• Investments in Indigenous Communities: More than $18 billion over the next five years, to improve the quality of life and create new opportunities for people living in Indigenous communities. These investments will support continued action on infrastructure and clean water.
  • Increased Skills Training: A proposed $470 million over three years, to Employment and Social Development Canada to establish a new Apprenticeship Service.
      • The service will help 55,000 first-year apprentices in construction and manufacturing Red Seal trades connect with employment opportunities.
      • Employers would be eligible to receive up to $5,000 for all first-year apprenticeship opportunities to pay for upfront costs such as salaries and training.
      • To boost diversity in the construction and manufacturing Red Seal trades, the employer incentive will be doubled to $10,000 for employers who hire those underrepresented, including women, racialized Canadians, and persons with disabilities.
  • Community Workforce Development Program: A proposed $55 million over three years for a Community Workforce Development Program. The program will support communities to develop local plans that identify high potential growth organizations and connect their employers with training providers to develop and deliver training and work placements to upskill and reskill jobseekers to fill jobs in demand.

Other significant budget highlights include the following:

  • National Child Care System: A proposed $30 billion over the next five years to ensure that all families have access to high-quality, affordable, and flexible early learning and child-care no matter where they live. Part of this plan is to lower child-care cost to an average of $10/day within the next 5 years.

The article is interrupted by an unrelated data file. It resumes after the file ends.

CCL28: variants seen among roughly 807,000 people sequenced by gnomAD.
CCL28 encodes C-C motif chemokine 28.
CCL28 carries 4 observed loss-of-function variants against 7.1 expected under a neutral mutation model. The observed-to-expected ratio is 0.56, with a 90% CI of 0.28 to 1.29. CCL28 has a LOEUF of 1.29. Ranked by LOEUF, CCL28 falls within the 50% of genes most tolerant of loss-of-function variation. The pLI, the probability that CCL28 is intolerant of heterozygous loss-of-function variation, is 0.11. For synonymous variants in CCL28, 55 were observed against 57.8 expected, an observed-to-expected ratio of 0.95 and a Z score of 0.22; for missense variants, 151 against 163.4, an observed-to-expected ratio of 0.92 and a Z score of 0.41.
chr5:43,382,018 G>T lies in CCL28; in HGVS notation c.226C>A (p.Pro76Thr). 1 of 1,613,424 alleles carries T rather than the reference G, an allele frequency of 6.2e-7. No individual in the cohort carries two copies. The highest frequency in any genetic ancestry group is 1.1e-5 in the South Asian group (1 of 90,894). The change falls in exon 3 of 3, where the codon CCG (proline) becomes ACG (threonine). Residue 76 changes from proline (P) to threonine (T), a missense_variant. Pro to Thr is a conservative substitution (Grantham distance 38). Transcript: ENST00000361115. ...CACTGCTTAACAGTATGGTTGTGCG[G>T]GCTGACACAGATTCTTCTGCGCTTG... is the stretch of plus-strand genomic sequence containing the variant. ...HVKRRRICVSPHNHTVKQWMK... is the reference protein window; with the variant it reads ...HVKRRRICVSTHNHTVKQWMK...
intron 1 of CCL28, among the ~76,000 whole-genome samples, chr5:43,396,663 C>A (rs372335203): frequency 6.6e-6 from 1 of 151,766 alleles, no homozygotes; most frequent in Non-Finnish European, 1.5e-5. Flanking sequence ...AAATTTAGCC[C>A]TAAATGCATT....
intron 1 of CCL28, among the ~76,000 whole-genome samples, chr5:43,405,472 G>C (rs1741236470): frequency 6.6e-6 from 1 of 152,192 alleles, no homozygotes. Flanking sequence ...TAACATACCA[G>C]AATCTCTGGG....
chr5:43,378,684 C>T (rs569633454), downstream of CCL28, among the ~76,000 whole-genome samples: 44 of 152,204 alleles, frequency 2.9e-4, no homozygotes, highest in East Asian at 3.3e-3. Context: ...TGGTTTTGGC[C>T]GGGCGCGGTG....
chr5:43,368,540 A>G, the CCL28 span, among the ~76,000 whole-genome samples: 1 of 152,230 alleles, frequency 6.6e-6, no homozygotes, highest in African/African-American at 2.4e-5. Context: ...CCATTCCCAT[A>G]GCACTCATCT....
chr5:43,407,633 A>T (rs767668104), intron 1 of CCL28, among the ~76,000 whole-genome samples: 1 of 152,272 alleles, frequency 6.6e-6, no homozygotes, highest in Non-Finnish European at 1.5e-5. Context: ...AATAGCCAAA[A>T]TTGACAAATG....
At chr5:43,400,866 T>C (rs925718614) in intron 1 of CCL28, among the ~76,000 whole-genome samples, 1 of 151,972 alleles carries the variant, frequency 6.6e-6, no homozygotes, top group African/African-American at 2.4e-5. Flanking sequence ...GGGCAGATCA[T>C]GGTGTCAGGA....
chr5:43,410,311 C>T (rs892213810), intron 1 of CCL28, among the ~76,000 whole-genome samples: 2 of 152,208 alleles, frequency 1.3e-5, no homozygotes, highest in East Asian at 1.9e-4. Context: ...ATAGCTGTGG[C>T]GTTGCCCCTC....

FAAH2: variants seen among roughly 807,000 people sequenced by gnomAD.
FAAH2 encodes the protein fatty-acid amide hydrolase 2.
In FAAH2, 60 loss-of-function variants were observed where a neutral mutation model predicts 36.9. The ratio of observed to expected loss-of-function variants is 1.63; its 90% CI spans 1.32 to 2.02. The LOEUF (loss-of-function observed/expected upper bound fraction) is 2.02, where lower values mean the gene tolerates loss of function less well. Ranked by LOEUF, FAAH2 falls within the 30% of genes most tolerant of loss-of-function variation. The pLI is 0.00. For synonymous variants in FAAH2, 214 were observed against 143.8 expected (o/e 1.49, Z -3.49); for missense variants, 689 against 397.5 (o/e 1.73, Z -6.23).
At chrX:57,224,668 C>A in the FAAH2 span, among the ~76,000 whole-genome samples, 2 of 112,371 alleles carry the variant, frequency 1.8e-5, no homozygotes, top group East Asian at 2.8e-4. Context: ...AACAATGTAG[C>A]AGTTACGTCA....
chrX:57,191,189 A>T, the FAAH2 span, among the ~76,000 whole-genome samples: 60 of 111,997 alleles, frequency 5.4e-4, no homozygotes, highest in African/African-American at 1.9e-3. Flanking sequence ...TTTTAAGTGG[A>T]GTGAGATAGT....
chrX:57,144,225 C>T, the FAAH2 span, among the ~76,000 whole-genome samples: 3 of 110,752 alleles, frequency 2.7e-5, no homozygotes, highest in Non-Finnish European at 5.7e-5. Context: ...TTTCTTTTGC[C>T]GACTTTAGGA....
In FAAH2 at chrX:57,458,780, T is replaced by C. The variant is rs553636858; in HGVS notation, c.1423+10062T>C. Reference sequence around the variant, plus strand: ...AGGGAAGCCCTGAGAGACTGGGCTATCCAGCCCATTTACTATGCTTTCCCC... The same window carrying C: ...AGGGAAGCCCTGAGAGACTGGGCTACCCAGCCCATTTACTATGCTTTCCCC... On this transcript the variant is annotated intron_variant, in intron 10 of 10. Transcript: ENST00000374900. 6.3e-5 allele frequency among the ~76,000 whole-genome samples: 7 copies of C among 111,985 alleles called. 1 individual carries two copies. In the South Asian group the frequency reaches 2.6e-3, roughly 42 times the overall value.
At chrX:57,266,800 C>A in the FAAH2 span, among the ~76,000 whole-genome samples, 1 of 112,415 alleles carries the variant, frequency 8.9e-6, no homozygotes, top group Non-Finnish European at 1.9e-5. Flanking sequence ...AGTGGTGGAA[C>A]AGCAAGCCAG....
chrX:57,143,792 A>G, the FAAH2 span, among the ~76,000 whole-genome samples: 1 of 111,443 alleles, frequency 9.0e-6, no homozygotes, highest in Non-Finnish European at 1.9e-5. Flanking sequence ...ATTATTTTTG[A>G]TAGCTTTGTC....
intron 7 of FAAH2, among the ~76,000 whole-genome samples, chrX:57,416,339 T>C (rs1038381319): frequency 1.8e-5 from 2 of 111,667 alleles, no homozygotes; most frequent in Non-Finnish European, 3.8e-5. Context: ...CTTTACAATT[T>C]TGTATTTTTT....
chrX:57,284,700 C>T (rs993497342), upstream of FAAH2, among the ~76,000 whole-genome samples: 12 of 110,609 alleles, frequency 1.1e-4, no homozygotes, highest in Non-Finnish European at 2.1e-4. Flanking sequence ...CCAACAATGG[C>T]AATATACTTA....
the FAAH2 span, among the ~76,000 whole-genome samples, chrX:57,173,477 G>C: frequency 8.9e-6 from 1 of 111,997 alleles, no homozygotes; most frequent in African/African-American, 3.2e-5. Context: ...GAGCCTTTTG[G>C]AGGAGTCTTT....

• Mental Health: A proposed $45 million over two years to help develop national mental health service standards as well as to support projects for innovative mental health interventions for populations disproportionately impacted by COVID-19, including health care workers, front-line workers, youth, seniors, Indigenous people, and racialized Canadians.
  • Substance Use and Addictions Program: On top of the $66 million invested in the 2020 Fall Economic Statement, a proposed $116 million over the next two years for the Substance Use and Addictions Program to support a range of innovative approaches to harm reduction, treatment, and prevention at the community level.
  • Rebuild Vaccine Development/Production: Canada’s bio-manufacturing and life-sciences sector will be rebuilt with $2.2 billion towards national capacity in bio-manufacturing and vaccine development and production.

 

Resources:

The Federal Budget 2021 Click Here

Ontario Construction Secretariat (OCS) Click Here

COVID-19 Safety Inspection Blitz

On Thursday, April 15, the Ontario Government announced that they would begin targeted provincewide inspections of construction sites. Today (April 16), 200 workplace inspectors started visiting more than 1,300 construction sites to enforce safety requirements. The inspection campaign will focus on enforcing COVID-19 safety rules. Violations of COVID-19 restrictions may result in a fine of […]